Pinchas Rosen, or Felix Rosenblüth (as he was called in his youth), was born in Berlin in 1887, and grew up in a wealthy family on the Messingwerk estate, some 50 kilometers away. Like nearly all the other Jews in this enclave, Rosen was raised strictly Orthodox. He focused on piano and chess but lacked a true passion until, at the age of 16, a friend lent him a copy of Herzl’s novel Altneuland.
From that point on, Zionism burned within him. The goal of creating a utopian, egalitarian society in the Land Israel, as Herzl had imagined, became his life’s mission.
After being wounded in WWI, Rosen became Chairman of the Zionist Federation of Germany, and subsequently moved to Mandatory Palestine in 1923. There, he founded the mostly German-Jewish Aliya Hadasha Party and was elected as its representative to Moetzet HaAm. In fact, not only did he sign the Declaration of Independence, but it was he who commissioned the writing of the text from Mordechai Beham, a young Tel Aviv-based lawyer, in April 1948.
Following the establishment of the State, Rosen – a level-headed centrist – served as Minister of Justice in eight of Israel’s first nine cabinets. In addition, he turned down offers to be elected Israel’s President on not one, not two, but three separate occasions.
As a yekke, he was on the fringe of the mostly Eastern European political gestalt, but being Ben-Gurion’s close and trusted ally, meant that he played a major role in shaping the currently controversial Judicial Selection Committee, as well as the Supreme Court itself, which – during the first few decades of the State’s existence – was heavily populated by those capable of properly pronouncing an umlaut.
Throughout his time in office, he sought to advance a progressive agenda, seeking to strip the rabbinical courts of their judicial power, and pushing, repeatedly, for Israel to adopt a constitution.
When he retired from the Knesset in 1968, he lamented the lack of a single binding document, noting that it would “serve as a blockade against extreme expressions of parliamentary authority.”
In 1973 he was awarded the Israel Prize for his contributions to Israeli jurisprudence, and five years later, in May 1978, he passed away at the age of 91.
The thirty-seven people who signed Megillat Ha’Atzmaut on May 14, 1948, represented many factions of the Jewish population: there were revisionists and Labor Party apparatchiks; capitalists and communists and socialists; kibbutznikim, moshavnikim and city-folk; charedi rabbis and atheists.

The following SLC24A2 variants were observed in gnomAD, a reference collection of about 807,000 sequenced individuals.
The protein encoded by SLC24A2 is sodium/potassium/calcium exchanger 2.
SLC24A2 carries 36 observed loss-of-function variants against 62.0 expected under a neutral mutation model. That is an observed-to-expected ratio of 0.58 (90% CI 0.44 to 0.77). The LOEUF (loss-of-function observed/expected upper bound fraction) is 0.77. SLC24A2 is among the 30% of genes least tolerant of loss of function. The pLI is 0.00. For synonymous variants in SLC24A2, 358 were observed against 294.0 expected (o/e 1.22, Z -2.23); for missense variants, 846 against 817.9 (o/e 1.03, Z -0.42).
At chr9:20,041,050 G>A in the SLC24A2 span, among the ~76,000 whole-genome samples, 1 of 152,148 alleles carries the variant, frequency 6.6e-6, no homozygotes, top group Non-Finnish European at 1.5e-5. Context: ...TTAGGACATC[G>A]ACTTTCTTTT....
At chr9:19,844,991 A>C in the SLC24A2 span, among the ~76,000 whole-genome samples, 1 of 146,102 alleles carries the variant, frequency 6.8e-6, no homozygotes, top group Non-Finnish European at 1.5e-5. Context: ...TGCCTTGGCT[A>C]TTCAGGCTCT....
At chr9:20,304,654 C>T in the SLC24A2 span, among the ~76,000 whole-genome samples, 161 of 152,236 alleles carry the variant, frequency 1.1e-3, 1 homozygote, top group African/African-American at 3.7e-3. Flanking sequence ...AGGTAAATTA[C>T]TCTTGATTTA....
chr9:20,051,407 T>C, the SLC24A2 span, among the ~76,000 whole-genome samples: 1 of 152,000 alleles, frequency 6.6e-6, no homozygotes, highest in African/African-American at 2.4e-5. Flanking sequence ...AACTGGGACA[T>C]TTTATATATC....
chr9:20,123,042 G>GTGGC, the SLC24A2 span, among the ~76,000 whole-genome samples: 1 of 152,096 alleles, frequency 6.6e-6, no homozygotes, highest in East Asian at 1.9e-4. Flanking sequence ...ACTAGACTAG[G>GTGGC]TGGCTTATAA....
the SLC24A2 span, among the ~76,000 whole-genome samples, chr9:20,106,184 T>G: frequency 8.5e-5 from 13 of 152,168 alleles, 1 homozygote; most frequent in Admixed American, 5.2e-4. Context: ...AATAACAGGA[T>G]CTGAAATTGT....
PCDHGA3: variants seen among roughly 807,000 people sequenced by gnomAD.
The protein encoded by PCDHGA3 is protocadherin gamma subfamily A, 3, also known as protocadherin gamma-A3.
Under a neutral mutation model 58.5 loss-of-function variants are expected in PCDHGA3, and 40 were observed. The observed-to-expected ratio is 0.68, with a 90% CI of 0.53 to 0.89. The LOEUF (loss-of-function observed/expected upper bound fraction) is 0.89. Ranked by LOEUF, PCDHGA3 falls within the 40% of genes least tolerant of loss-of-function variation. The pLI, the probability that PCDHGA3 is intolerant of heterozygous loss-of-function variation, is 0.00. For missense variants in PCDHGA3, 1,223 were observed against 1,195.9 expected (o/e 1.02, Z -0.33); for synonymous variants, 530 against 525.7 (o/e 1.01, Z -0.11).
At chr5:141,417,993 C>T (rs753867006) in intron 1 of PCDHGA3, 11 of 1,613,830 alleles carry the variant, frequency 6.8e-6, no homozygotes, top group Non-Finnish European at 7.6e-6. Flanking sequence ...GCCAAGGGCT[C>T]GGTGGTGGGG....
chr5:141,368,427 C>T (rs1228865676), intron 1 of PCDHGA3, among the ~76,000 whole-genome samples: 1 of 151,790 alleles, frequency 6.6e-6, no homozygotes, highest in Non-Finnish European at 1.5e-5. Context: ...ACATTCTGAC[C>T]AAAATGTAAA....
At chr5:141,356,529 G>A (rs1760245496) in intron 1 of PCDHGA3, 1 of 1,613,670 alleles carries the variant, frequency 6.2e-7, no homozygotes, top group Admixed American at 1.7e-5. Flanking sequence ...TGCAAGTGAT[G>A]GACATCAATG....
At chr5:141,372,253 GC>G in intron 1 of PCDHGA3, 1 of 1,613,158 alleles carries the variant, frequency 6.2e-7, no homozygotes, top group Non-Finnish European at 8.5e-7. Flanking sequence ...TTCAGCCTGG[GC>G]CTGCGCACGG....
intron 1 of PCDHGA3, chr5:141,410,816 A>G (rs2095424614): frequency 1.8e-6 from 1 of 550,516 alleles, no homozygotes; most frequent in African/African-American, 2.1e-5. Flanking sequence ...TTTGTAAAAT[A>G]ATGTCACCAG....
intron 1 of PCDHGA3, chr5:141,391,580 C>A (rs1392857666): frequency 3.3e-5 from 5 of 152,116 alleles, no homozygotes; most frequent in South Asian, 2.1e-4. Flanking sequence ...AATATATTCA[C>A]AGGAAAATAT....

Over the course of the past several months, our team has diligently tracked down the closest living relative of each one of these signatories, and interviewed them. We talked about their ancestors and families, about the promise of the Declaration, the places in which we delivered on that promise, the places in which we exceeded our wildest dreams, and also about the places where we fell short.
And it is through these descendants of the men and women who – with the strike of a pen – gave birth to this country of ours, that we wish to learn something about ourselves.
Today we’ll meet Pinchas Rosen, and his only living grandson, Nick Ross. He’ll present one of the many political perspectives we’ll be featuring throughout the series.
In 1961 Eliezer Whartman of the Israel State Archives conducted a series of interviews with 31 of the 37 signatories of the Declaration of Independence. For the full interview with Pinchas Rosen, see here.
The full text of Ruth Bondi’s 1990 biography of Felix Rosen: Pinchas Rosen and His Time (Hebrew) is available on the Ben-Yehuda Project Website.
For a shorter version of that biography, including dozens of pictures of Rosen’s parents, siblings, wives and brothers-in-law (and even one of the future Israeli Minister of Justice in his Prussian officer’s outfit), see the TLV Streets Project.
For an analysis of the influence of the yekkim, or German-born Jews, on the culture and formation of Israeli law, see Eli Salzberger and Fania Oz-Salzberger’s 1998 Haifa University Law Review Article, “The German Tradition of the Israeli Supreme Court” (Hebrew). It is there that they mentioned the matter of umlaut-pronunciation as the determining factor for who ought to be considered a yekke.
The National Library of Israel has a wonderful hour-long recording of Rosen discussing his childhood and university days.
For an excellent recap of the Lavon Affair, see this Israel Democracy Institute article. In short, the 1954 Lavon Affair, which came to a head with the 1961 resignation of Prime Minister Ben-Gurion, was a line in the sand of Israeli politics, and marked the start of the decline in the hegemony of the Labor Party. The affair itself revolved around Israel-initiated terror attacks in Egypt, which, in turn, were meant to induce the British to retain their control over the Suez Canal. Justice Minister Pinchas Rosen, who headed the “Committee of Seven” that looked into the affair, concluded that it was not Defense Minister Lavon who gave army intelligence the order to act. This caused an irreconcilable rupture between Rosen and Ben-Gurion.
Mitch Ginsburg and Lev Cohen are the senior producers of Signed, Sealed, Delivered? This episode was mixed by Sela Waisblum. Zev Levi scored and sound designed it with music from Blue Dot Sessions. Our music consultants are Tomer Kariv and Yoni Turner, and our dubber is Leon Feldman.
This series is dedicated to the memory of David Harman, who was a true believer in the values of the Declaration of Independence, in Zionism, in democracy and – most of all – in equality.